The three Sullivan sisters, named for the Three Graces of Greek legend who embody beauty, charm and grace, don’t live up to their names. Belle is no beauty. Charisma lacks charm. And Grace is somewhat less than graceful. But this doesn’t deter their ambitious mother from bribing three bachelors to escort them to Colorado Springs’ beautiful Garden of the Gods.
When the girls overhear their escorts mocking how little they resemble their names, each girl makes a wish at the magical Three Graces rock formation. Belle wishes aloud for beauty, but only so she can use it as a weapon to punish the cads who hurt her sisters. Her true wish is for revenge.
Handsome viscount Kit Stanhope regrets his rude remarks and apologizes to Belle. He’s surprised when she tells him that’s not enough. If he truly regrets his behavior, he has to make her beautiful in time for the Founders’ Day Ball. Kit isn’t sure he’s up to the task. But, intrigued by the spirited Belle, he agrees to assist her transformation from an ugly duckling into a swan with the help of a mysterious Greek dressmaker with muse-like qualities.
Unfortunately, Belle makes a rather awkward swan. Still, after a few embarrassing escapades, she masters the flirtatious language of the fan and takes the town known as Little London by storm. Belle soon finds herself falling for the viscount and his sinful mouth. It seems he returns her regard, but she can’t renege on her promise to humiliate him . . . can she? Will her secret muse grant the wish she voiced . . . or the one she holds in her heart?
Note to readers: This title was originally published in 2003 by Zebra Ballad.
“Deliciously witty and heartwarming…you’ll be enchanted!”
— Maureen McKade, author of His Unexpected Wife
“What fun! This is the comment that rang through my head as I sped through the pages of Pam McCutcheon’s latest story, Belle of the Ball…Ms. McCutcheon provides a worthy hero in Kit Stanhope who grows from a cad to a gentlemen of the most gallant sort, while Belle emerges from homely to…well, all that her name entails…both inside and out. The author does an outstanding job of bringing Colorado Springs history to the forefront, surrounding her fictional characters with many well-known and beloved figures of the era, and weaves her plot to a wonderfully satisfying conclusion. With sexual tension paramount between Belle and Kit, I cheered at Madame Aglaia’s subtle intervention, smiled as the antagonist received his comeuppance and loved the dynamics of the Sullivan family as a whole. Next in this series. . .Charisma’s story. Can’t wait to read her magical account.”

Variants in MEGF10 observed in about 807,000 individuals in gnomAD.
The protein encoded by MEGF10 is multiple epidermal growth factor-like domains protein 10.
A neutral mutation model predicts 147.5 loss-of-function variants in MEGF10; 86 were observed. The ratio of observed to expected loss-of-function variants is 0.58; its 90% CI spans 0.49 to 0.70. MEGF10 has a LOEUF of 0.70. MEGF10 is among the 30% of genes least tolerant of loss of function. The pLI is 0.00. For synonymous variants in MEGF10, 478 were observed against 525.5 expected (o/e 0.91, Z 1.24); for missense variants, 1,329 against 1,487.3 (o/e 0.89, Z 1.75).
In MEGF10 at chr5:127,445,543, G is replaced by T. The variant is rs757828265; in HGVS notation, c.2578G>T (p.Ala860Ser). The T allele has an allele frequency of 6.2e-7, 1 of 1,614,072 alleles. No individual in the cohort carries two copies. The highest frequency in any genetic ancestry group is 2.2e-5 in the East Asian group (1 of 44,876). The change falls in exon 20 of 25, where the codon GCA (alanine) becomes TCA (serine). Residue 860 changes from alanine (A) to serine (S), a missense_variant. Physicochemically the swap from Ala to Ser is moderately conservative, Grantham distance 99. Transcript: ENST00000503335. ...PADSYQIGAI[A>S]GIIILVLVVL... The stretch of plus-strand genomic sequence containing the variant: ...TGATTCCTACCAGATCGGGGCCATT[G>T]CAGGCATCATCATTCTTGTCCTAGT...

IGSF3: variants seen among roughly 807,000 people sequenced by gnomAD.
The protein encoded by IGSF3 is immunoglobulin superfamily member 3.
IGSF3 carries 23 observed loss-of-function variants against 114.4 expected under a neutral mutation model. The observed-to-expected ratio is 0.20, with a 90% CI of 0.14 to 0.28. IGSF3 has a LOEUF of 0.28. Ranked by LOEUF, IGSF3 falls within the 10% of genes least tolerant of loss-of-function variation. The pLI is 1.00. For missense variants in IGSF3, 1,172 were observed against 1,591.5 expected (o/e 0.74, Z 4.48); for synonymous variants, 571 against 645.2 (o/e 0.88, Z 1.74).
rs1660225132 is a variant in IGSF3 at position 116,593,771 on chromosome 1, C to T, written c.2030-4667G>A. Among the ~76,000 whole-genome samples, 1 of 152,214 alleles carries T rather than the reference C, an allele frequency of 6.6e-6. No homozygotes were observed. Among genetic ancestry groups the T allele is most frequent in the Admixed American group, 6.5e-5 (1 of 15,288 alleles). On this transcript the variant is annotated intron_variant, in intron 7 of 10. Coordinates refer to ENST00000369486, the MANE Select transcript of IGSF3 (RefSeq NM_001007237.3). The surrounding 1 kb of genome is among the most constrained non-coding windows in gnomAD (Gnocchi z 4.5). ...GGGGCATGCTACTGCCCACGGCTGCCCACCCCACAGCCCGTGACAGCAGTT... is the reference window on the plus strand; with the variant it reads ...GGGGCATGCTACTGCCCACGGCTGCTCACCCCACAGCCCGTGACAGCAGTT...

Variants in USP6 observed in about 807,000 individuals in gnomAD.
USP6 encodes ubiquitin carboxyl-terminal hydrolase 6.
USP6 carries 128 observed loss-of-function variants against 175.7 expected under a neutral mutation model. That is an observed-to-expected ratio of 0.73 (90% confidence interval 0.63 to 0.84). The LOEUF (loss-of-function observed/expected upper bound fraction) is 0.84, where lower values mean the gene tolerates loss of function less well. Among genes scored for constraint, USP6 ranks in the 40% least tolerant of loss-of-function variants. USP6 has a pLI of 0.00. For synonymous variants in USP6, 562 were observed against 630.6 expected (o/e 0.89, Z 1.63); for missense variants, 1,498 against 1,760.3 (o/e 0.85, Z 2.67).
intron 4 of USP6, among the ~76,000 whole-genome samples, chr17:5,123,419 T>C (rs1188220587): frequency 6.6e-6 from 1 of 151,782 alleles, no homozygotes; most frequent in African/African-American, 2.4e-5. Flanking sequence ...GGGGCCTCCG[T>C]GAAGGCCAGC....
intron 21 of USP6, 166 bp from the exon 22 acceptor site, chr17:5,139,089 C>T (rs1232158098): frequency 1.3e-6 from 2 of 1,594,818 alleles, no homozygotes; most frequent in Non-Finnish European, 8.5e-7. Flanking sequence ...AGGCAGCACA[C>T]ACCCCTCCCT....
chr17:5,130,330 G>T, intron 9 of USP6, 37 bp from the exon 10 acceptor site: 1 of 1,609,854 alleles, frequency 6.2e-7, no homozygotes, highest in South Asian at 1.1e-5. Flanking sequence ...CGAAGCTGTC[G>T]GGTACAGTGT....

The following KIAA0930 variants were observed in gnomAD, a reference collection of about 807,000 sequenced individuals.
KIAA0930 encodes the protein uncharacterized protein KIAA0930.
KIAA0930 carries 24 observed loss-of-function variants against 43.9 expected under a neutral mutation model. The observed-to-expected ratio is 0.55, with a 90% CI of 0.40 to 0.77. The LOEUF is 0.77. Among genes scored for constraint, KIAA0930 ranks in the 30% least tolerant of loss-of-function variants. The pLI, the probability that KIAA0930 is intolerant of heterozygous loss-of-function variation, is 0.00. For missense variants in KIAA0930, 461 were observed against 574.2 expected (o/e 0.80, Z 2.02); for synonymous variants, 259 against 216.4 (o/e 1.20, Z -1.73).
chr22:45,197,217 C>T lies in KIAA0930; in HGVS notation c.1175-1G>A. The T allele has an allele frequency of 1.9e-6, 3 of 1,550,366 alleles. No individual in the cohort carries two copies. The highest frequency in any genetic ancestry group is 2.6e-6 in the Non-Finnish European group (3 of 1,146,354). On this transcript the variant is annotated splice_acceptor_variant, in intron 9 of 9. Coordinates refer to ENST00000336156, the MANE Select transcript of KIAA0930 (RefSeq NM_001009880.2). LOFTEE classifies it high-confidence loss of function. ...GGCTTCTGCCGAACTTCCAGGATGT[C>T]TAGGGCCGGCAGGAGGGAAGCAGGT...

— Ann, Reviewer, Author, Author!
“With vivid characterizations and strong plotting, Belle of the Ball demonstrates McCutcheon at her best. With a bit of help from above, Belle discovers her own beauty even as she learns the truisms that make plain women beautiful. With wounds that go equally as deep resulting from his family’s rejection, Kit has his own lessons to learn about trust. The result is a surprising blend of comedy and romance that will have readers chuckling throughout. Belle of the Ball once again demonstrates McCutcheon’s gift for combining the unexpected with the enchanting in a unique voice that readers remember. Belle of the Ball comes highly recommended.”
— Cindy Penn, Senior Editor, http://www.wordweaving.com
“Belle of the Ball is an amusing Pygmalion tale with lively characters and some paranormal elements. Belle gets herself into some amusing situations in her attempts to exact revenge. I found this book quite funny in places. Belle is young and inexperienced with a tendency to not think before she storms ahead. This tendency got her into trouble several times, and Kit, in true heroic fashion helped her out. … All in all, Belle of the Ball was a good read, and I’m looking forward to Charisma’s story.”
— Marlene Breakfield, Reviewer, PNR Reviews